Airbrushing Dryads

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Enter the airbrush challenge…
Zenith lighting in color!

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Not really caring about these particular minis, they became the perfect test subjects for the airbrush trials.

I have had these minis for a while. They are the Dryads of Bezelay (Tale of War Miniatures, 000102)

When I saw them, I thought the box art painting looked incredible. I took the plunge and picked some up.
These were the most horribly cast minis I have seen in a long time. Each mini had multiple flash lines on them, meaning that when they made the production mold they didn’t even bother to clean up the masters before putting them in the mold. ??? Also, it was clearly the end of the life for this particular mold because there were sections on a couple of miniatures where whole areas of detail were simply gone. On one if the minis I actually dug some mold rubber out of the casting!

Seeing this, these minis went pretty much to the end of the painting line, most likely never to be painted. I’m not going to spend my limited painting time on extensive repairs or simply painting bad minis.

Using Reaper white and Vallejo dark green paints, I layered from dark green slowly adding more and more white paint to the mix simulating zenith lighting with the highlights. This was done over a white primer coat.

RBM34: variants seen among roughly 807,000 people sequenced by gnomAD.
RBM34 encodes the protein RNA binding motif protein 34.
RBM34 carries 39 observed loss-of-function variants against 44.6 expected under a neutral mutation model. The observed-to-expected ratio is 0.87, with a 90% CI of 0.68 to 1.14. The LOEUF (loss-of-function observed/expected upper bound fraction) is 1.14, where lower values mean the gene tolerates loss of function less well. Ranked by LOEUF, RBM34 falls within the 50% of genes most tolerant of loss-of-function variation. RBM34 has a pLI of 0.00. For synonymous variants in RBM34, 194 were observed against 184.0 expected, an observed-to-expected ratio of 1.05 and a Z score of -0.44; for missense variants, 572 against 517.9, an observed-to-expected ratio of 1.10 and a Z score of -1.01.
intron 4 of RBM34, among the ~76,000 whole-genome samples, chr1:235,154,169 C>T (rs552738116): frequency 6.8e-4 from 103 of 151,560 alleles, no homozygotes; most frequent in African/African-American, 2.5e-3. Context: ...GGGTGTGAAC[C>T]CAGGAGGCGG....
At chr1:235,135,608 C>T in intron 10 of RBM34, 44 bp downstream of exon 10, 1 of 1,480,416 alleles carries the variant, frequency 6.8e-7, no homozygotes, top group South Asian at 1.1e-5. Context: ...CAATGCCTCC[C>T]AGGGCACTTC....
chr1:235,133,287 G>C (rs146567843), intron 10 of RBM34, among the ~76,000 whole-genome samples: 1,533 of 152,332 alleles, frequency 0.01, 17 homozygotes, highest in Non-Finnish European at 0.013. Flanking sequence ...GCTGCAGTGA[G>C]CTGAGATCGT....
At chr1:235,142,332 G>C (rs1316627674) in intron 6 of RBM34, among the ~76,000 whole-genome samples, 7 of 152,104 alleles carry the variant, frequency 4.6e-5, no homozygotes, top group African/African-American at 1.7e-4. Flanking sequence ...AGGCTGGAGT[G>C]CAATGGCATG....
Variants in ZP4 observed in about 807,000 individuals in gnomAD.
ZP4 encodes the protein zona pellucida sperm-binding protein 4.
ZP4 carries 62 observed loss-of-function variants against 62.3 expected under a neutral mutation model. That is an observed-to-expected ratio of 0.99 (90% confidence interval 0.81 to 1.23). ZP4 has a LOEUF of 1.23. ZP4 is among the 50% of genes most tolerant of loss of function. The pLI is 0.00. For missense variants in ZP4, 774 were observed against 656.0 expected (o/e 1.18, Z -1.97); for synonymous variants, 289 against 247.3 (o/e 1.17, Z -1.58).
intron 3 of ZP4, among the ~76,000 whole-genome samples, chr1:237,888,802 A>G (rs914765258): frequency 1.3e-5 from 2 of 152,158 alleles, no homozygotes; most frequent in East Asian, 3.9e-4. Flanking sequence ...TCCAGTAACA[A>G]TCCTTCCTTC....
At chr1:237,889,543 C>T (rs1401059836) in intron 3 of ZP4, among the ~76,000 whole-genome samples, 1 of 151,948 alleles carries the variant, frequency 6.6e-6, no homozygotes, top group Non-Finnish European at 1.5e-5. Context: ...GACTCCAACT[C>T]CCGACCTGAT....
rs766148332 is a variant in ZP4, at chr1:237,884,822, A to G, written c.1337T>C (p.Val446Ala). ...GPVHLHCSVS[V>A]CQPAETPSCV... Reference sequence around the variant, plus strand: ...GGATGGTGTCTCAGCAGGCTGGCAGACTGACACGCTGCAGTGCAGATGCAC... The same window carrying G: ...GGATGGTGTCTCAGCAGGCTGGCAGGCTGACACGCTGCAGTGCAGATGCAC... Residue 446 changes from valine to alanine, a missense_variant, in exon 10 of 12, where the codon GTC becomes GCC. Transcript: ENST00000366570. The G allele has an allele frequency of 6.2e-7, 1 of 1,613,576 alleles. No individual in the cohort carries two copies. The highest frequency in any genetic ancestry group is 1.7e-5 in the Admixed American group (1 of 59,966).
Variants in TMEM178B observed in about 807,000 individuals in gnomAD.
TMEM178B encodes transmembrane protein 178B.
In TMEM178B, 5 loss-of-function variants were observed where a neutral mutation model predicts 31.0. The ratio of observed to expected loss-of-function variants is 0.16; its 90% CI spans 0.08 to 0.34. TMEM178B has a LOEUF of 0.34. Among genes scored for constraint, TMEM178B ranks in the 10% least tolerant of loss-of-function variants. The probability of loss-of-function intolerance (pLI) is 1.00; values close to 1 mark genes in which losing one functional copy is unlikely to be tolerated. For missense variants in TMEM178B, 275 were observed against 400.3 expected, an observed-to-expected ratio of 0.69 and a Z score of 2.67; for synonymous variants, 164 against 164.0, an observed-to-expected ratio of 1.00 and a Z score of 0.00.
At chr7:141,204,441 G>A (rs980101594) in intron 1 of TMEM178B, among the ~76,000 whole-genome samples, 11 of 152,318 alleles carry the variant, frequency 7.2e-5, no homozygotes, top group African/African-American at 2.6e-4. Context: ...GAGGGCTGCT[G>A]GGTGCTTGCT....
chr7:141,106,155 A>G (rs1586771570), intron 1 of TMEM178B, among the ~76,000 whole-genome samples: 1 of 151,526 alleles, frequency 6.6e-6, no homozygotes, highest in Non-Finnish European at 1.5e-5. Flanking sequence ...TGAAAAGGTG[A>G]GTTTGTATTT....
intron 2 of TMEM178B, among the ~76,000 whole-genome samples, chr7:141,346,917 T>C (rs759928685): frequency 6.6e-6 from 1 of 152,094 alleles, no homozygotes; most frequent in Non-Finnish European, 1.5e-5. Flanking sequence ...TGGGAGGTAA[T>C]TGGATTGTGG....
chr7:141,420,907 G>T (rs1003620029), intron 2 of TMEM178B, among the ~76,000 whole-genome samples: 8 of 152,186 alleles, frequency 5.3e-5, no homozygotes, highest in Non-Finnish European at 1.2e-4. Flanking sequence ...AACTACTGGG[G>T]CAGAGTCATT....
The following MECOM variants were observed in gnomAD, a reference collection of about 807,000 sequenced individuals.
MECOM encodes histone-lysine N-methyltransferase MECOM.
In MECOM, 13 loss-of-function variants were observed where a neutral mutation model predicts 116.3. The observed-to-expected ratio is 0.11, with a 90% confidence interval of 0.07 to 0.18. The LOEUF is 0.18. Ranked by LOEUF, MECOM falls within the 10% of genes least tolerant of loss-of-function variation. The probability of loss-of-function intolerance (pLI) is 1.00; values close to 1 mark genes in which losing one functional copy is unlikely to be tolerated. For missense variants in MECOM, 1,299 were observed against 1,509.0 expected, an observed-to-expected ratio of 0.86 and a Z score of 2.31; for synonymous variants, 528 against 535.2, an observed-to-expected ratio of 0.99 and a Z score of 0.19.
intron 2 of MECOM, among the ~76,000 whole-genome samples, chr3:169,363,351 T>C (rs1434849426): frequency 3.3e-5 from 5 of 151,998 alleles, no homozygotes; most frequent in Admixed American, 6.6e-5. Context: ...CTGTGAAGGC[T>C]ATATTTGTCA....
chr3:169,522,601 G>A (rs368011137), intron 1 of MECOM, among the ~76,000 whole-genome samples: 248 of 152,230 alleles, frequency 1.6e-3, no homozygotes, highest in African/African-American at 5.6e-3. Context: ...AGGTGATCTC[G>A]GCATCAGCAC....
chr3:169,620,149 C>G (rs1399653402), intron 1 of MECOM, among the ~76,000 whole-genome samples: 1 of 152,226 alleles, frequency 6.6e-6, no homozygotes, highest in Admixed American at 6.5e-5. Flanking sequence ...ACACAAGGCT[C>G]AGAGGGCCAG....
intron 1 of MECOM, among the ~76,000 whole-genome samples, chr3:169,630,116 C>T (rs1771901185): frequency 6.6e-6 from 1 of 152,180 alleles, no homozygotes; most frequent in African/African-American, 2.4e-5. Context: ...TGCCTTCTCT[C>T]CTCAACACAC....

In hindsight, black may have been a better prime color (or a darker green) because after airbrushing I did have to go back with a brush and darken the shadows more.

Basically, the majority of the skin was done the air brush. I liked the way it turned out so I switched to regular brush painting and finished out the minis in the more traditional way.

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In spite of the horrible castings, these miniatures turned out very well. They were fun to paint actually. The airbrush was an ideal tool for these as it provided smooth skin tones to start with. As I said, I did go back and add more shadows and then more highlights and of course blending to smooth those transitions.
Painting all three at the same time, I believe they took a total of about six hours. That is less time than I would normally spend on three minis, so the airbrush does seem to speed painting up. More testing to come.
P.s. Please excuse the poor quality of photos. They are from my phone.